The General Certificate of Secondary Education (GCSE) is the academic qualification awarded in specified subject, usually taken in number of subjects by students aged 14-16 in secondary education in Wales, England and Northern Ireland. It was initiated in 1986 (with first examinations taking place in 1988) replacing former O Level / CSE qualifications. Also merging two previous examination systems, one of major changes was to permit students to complete Course Work during their two years of study, that was marked by their teachers and contributed to their final examination grade.
The Education Minister Huw Lewis said “critical series of actions” – short of a re-mark – would be taken to make sure learners are not deprived, but consequences would stand. It followed “quick re-examine” of modular GCSE English language exams, which found that “no one single factor” had contributed to lower- than-expected outcomes. Stricter marking system, quantity of time schools were specified to make for new-style English language qualification and the strangely large number of January entries are all supposed to have impacted on grades published last month. Report, carried out by Welsh Government officials, criticised teacher support materials, offered by exam board WJEC, as being of “inadequate quantity and quality” and said direct access to subject specialists was “hard”.
The report said: “overarching termination of review team is that there is no one single facet which has contributed to lower- than-expected outcomes. Indications are that systems of work were altered and forecasted grades were modelled on a new specification. Normally, examination papers matched teachers’ outlook of new specification and there were hardly any surprises for teachers or pupils. There is no proof to recommend that WJEC didn’t follow correct procedures at all times.”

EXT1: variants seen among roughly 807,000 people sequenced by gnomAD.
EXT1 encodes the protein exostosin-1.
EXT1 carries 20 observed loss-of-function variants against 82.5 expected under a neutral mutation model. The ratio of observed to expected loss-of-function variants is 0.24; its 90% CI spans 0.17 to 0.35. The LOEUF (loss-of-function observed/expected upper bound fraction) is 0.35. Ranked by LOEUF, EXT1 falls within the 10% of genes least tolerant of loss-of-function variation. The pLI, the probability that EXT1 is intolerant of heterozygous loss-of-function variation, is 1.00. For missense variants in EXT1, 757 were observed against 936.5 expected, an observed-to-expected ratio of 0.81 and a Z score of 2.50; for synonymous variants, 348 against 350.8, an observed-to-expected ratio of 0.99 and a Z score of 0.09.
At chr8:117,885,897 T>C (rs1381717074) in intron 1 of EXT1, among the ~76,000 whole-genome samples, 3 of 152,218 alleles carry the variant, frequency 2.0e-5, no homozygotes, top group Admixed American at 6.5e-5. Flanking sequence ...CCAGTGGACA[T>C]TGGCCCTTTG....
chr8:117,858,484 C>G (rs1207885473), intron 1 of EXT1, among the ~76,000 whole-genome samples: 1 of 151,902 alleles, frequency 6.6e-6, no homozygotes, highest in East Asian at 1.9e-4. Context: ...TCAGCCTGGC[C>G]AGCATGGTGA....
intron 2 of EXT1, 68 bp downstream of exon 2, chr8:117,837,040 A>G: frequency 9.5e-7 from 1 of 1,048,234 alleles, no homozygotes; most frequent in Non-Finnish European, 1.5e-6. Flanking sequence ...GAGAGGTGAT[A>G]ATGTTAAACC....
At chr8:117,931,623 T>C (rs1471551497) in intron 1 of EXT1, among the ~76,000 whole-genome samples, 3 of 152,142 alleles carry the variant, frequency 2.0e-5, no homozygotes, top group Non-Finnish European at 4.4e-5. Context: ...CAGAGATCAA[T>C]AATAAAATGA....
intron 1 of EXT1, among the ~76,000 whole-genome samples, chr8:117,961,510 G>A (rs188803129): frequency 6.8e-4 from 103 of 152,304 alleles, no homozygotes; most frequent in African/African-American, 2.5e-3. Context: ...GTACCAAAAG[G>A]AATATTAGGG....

The report listed number of detailed regulatory actions to be undertaken as matter of importance, among concern surrounding present relationship between Welsh Government, that is liable for regulating exams in Wales, and WJEC.
The fact which lower outcomes were communicated to Welsh Government on date of publication is worry and WJEC and Welsh Government must reconsider data exchange processes.
Mr Lewis accepted Welsh Government could have been more proactive in its statement with WJEC previous to publication of January’s results. But he sustained that, while more in-depth discussions would have been helpful, published scores would have been similar in spite of and issues would still have occurred. Mr Lewis said Cardiff-based WJEC had only made Welsh Government officials aware of discrepancy in results evening previous to their publication. Schools were left stunned by poor results for exams taken in January that will contribute towards student’s final marks this summer.
Teachers and parents responded heatedly to what they claimed were unpredictably low grades for exams. The Conservatives said report was little short of whitewash. The report discovered no one single facet contributed to poor results.
He called upon teachers to apply increased carefulness when forecasting grades for learners, saying that data in report illustrated only in minority of cases do teacher evaluates match actual outcomes. Mr Lewis also said that: "I am firm that schools and learners will get support they require. I am resolute that our credentials should be applicable, valued and fit for purpose." The report said there would be no explanation for re-grading papers and existing results would stand. Though a number of points were emphasized including the rise in entries and late change to exam requirement which came once students had already began their studies.
Copies or samples of papers should return to schools when possible so teachers can start to look at how they have marked in relation to marking scheme.
WJEC is to extend registration time limit to permit schools to think in more detail which students must be entered for re-sit in June.
Additional materials must be produced before Easter break to describe how mark schemes will be applied to students' work, to increase transparency.
Free extra sessions run by WJEC before summer exams should make sure that advice given to schools is reliable with that given in examiner's report - and across board.